An idiosyncratic view on ICC estimation methods
Regarding international cost of capital (ICC) estimation …
I became involved in valuation via M&A transaction advisory services for mid-market industrial companies circa 1990. Because I was based in the Midwestern USA, many clients were involved in automobile and aerospace manufacturing, and in agri-business industries. Interestingly, even in the 1990s my clients were part of international supply chains, with—for example—significant exposures to Latin American supply risks and foreign exchange risks.
Back then—as now—incorporating risk premiums for international risk exposures was generally fairly ad hoc. In part, this was because the valuation profession was still relatively immature; but it was also because there was a general belief among corporate finance and valuation professionals that CAPM was a meaningful, valid asset pricing theory. Here is where the story gets interesting.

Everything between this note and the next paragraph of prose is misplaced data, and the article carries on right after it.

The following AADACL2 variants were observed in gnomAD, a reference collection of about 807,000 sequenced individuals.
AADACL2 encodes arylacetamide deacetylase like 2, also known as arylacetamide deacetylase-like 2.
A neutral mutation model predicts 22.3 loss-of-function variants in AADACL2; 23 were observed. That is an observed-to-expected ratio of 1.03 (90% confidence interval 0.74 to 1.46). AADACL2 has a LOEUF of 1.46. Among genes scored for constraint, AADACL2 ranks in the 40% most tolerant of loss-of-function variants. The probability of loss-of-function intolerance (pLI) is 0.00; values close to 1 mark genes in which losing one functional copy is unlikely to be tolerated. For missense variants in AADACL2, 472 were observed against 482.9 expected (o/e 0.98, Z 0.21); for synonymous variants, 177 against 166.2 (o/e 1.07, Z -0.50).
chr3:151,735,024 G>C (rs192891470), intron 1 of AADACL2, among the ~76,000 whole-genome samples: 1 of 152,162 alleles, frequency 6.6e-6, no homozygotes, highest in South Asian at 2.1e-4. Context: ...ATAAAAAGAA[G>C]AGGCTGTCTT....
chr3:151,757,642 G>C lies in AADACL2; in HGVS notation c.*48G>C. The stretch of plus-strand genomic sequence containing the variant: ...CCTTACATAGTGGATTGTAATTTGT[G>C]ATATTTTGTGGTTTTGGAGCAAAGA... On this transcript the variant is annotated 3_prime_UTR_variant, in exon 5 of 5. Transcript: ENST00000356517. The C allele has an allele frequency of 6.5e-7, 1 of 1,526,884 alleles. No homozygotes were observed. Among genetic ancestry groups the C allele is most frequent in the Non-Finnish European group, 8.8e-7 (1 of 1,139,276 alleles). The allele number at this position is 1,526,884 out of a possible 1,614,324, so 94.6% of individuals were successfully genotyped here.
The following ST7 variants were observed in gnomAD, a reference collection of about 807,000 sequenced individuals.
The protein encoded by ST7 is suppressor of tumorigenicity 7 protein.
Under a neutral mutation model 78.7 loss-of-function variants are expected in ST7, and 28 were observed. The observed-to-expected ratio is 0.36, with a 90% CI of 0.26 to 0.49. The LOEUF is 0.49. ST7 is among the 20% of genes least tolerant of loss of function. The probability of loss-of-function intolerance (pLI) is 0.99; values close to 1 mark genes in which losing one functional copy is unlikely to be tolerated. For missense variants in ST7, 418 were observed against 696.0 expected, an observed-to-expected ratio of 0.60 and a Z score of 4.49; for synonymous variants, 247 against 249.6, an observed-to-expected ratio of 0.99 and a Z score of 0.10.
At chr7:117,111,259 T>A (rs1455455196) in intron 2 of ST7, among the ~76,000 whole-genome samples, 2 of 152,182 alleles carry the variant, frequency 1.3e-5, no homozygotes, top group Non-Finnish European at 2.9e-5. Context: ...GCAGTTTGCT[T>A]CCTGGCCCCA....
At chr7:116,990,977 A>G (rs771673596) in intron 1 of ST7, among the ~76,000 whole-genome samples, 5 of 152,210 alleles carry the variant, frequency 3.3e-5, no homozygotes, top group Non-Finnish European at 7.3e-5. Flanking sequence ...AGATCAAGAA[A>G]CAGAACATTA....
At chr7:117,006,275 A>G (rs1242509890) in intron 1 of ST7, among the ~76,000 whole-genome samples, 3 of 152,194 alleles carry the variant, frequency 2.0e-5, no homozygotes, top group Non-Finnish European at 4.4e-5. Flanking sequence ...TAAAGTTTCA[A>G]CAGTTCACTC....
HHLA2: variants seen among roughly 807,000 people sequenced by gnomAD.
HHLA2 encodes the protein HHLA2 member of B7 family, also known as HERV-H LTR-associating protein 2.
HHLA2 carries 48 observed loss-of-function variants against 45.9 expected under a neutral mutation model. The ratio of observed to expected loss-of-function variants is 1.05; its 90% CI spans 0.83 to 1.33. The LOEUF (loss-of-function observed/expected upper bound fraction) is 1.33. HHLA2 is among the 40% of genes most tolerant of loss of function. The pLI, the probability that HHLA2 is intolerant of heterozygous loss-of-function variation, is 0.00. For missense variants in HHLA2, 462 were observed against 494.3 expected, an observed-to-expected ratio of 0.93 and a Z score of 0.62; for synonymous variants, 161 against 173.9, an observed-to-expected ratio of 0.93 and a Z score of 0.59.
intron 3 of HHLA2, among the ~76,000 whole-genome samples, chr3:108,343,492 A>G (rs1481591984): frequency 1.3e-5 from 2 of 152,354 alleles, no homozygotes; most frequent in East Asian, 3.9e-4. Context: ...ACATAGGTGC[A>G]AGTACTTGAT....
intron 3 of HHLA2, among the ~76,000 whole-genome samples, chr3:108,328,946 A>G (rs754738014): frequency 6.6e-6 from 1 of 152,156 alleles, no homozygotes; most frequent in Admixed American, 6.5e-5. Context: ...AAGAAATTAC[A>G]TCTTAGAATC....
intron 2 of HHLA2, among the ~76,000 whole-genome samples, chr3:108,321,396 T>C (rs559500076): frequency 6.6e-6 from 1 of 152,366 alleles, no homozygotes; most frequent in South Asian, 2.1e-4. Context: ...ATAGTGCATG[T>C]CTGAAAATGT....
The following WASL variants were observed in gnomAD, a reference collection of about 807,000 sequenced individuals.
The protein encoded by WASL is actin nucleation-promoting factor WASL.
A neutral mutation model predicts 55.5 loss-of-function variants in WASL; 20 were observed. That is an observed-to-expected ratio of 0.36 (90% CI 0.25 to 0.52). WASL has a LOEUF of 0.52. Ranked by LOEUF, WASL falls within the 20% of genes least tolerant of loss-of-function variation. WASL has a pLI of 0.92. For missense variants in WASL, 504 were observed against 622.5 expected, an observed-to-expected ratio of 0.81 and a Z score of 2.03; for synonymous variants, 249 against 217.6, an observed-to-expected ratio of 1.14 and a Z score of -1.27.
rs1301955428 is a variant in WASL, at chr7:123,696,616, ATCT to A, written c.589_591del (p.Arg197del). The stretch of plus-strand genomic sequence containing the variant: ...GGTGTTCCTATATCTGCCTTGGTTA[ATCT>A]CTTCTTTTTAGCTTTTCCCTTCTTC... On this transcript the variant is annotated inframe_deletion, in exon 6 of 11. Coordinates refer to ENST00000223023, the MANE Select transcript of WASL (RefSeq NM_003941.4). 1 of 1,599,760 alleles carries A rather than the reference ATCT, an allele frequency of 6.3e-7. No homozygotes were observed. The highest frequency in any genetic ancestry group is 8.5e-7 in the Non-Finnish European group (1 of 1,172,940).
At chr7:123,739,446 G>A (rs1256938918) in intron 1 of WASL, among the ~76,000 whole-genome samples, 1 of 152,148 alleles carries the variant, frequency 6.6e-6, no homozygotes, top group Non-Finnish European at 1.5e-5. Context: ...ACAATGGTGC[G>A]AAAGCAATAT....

In 1995, I began doctoral studies at Michigan State University where much of my coursework was related to financial economics and econometrics. Much of my studies focused on asset pricing theory, which includes CAPM. I learned that CAPM had been, in simple terms, found inadequate and superseded by the simpler, more robust, empirically-demonstrable arbitrage pricing theory (APT) and risk-neutral pricing theory … and such theories and related methods had existed since about 1976. So, I learned that almost 20 years after CAPM-related methods were superseded by substantially-less-problematic theory and methods, we finance and valuation professionals were still using CAPM-based methods.
In 1999, I began an 11 year stint teaching accounting and finance-related courses at major US business schools, where I had also been conducting academic research based largely on asset pricing theory. During the mid-2000s, I also became involved in litigation-related valuation consulting and was surprised to observe that the valuation profession was generally still using CAPM-related models to estimate discount rates; now 30 years on.